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Gold prices edged up on Wednesday, supported by jitters over political uncertainty in the United States ahead of a major central banking conference this week.
Spot gold was up 0.44 percent to $1,289.90 an ounce, after shedding 0.5 percent in the previous session.
U.S. gold futures settled at $1,294.70 per ounce.
"Gold's kind of hanging in there before this Jackson Hole meeting. It is in a wait-and-see mode but we should have a better idea of direction by the end of this week," said Fawad Razaqzada, a technical analyst at FOREX.com.
"There can be an argument made for a bearish view on gold as this stage. If the dollar were to come back due to short covering and given the rally in U.S. stocks we saw yesterday, the buck-denominated and safe haven metal could fall out of favour."
Markets are turning their focus to a meeting of central bankers in Jackson Hole, Wyoming, later in the week where Federal Reserve Chair Janet Yellen and European Central Bank chief Mario Draghi are set to deliver speeches on the outlook for monetary policy and interest rates.
Gold is highly sensitive to rising U.S. interest rates, as these increase the opportunity cost of holding non-yielding bullion, while boosting the dollar, in which it is priced.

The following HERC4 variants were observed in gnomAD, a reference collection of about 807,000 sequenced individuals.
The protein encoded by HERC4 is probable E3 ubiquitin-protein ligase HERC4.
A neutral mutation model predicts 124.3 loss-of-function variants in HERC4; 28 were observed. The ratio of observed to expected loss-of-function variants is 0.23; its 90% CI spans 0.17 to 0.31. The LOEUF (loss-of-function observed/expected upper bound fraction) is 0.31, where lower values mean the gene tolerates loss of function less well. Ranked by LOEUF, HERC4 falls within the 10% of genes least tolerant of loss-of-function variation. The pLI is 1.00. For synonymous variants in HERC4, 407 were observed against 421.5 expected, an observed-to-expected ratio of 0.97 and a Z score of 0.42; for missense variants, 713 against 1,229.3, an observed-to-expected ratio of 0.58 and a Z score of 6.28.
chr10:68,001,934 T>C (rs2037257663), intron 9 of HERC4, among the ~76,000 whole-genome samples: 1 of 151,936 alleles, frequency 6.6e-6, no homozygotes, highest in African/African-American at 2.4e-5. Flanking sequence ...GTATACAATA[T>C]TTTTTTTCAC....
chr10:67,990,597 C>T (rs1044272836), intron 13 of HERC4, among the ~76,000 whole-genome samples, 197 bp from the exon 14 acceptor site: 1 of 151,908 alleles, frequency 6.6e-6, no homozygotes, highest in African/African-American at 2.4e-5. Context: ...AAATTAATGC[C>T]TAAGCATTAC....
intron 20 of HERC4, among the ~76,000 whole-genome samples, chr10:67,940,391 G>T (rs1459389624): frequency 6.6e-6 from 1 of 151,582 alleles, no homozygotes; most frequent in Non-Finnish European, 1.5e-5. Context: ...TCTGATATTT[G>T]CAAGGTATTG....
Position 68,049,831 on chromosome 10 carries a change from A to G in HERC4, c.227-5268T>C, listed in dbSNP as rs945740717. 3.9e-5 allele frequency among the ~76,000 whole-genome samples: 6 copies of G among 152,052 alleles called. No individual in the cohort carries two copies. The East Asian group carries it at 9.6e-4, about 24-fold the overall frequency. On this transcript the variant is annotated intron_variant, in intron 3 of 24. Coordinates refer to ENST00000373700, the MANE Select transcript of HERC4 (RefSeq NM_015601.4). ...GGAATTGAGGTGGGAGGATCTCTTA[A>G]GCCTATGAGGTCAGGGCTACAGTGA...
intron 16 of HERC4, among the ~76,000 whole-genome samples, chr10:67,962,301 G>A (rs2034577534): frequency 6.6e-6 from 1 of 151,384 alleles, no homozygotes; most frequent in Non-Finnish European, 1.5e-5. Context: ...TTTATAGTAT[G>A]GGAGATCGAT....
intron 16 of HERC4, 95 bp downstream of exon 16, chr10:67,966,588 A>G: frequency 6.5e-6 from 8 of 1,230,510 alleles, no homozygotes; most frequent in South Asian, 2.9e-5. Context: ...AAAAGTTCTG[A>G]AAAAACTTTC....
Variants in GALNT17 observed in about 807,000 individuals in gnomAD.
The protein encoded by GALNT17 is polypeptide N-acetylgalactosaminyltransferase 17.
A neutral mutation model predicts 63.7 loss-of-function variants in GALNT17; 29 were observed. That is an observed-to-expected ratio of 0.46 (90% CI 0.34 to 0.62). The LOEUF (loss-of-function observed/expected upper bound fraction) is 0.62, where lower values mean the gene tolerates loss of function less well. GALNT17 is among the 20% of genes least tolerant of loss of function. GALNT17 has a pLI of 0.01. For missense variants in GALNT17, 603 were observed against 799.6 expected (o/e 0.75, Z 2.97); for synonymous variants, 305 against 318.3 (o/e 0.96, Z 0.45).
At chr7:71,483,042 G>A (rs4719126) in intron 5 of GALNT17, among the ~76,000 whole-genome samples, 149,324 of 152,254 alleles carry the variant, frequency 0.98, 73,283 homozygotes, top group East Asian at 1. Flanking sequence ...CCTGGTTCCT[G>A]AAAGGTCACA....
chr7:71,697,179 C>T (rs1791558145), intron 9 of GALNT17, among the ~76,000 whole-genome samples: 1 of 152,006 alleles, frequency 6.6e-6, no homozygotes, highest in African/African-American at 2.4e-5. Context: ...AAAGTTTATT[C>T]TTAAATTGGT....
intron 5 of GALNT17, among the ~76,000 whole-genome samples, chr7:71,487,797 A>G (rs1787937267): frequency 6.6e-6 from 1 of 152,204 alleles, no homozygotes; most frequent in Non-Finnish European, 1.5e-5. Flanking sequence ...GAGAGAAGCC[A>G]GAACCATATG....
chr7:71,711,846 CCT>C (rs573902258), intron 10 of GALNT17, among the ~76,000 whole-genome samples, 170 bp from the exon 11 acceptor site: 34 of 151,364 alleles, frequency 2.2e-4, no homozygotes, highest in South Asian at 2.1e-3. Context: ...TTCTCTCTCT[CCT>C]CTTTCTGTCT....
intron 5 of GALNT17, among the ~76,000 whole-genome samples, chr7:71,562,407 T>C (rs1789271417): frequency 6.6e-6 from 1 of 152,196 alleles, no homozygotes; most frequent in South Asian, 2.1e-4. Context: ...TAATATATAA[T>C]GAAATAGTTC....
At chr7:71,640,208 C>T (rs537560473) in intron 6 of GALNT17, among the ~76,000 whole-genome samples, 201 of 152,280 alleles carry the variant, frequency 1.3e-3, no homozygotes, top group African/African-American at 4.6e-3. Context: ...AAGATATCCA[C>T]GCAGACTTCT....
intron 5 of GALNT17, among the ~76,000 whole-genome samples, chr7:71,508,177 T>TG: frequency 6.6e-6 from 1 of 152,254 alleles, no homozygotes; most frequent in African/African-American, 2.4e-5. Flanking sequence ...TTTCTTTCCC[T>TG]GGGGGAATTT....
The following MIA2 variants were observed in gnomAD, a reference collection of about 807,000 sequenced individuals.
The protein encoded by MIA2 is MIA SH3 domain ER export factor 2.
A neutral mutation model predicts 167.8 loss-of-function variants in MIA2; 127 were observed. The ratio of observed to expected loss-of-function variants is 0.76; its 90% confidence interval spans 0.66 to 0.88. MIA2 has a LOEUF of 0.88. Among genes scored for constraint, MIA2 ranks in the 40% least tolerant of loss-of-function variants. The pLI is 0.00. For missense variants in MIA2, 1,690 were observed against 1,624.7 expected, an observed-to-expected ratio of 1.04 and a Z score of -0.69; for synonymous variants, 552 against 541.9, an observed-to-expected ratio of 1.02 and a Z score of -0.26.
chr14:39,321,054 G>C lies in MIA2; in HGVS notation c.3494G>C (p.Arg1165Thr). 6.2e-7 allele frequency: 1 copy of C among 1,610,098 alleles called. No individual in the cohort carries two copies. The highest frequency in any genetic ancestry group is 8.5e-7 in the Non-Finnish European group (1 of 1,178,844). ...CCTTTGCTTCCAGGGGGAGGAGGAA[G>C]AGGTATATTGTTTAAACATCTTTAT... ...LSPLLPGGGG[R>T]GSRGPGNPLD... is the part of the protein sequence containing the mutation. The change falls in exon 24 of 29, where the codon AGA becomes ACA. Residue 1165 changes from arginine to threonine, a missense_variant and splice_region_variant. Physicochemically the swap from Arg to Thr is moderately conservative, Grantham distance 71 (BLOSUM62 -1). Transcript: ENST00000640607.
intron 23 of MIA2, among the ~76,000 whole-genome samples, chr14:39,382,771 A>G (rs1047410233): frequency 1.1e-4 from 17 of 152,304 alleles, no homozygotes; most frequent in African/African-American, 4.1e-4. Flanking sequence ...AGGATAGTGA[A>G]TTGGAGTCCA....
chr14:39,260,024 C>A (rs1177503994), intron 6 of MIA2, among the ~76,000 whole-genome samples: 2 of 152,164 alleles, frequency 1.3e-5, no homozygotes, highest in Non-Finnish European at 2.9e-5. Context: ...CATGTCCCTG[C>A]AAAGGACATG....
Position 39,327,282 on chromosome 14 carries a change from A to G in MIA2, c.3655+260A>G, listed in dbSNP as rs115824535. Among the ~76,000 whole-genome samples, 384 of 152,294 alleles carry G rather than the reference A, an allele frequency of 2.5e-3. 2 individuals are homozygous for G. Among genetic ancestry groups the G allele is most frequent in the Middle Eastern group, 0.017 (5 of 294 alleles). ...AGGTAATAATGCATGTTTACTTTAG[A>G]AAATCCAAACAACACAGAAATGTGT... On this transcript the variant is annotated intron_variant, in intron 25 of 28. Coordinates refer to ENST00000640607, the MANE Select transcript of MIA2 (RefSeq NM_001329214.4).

"Most of the people are now looking for hints from the Jackson Hole meeting between the central bankers," said Mark To, head of research at Hong Kong's Wing Fung Financial Group.
"The most important thing is economic fundamentals ... central banks are going to have tightening measures in monetary policies to have normalization. So I don't have much higher upward momentum for prices," To said.
The dollar inched lower after U.S. President Donald Trump raised the prospect of a government shutdown as he tries to force through his plans to build the wall along the border with Mexico.
Gold usually fairs well in times of geopolitical uncertainty, while stocks and the dollar generally retreat.
Draghi is also due to give a speech in Germany later in the day.
Adding to political jitters that support gold, the United States on Tuesday imposed new North Korea-related sanctions, targeting Chinese and Russian firms and individuals for supporting Pyongyang's weapons programs.
"On the other hand what has been supporting gold for the last six months or so is the risk aversion," Wing Fung's To said, referring to uncertainty around the Trump administration in particular.
Palladium declined 0.03 percent to $932.25, after touching an over 16-year high at $940 on Tuesday.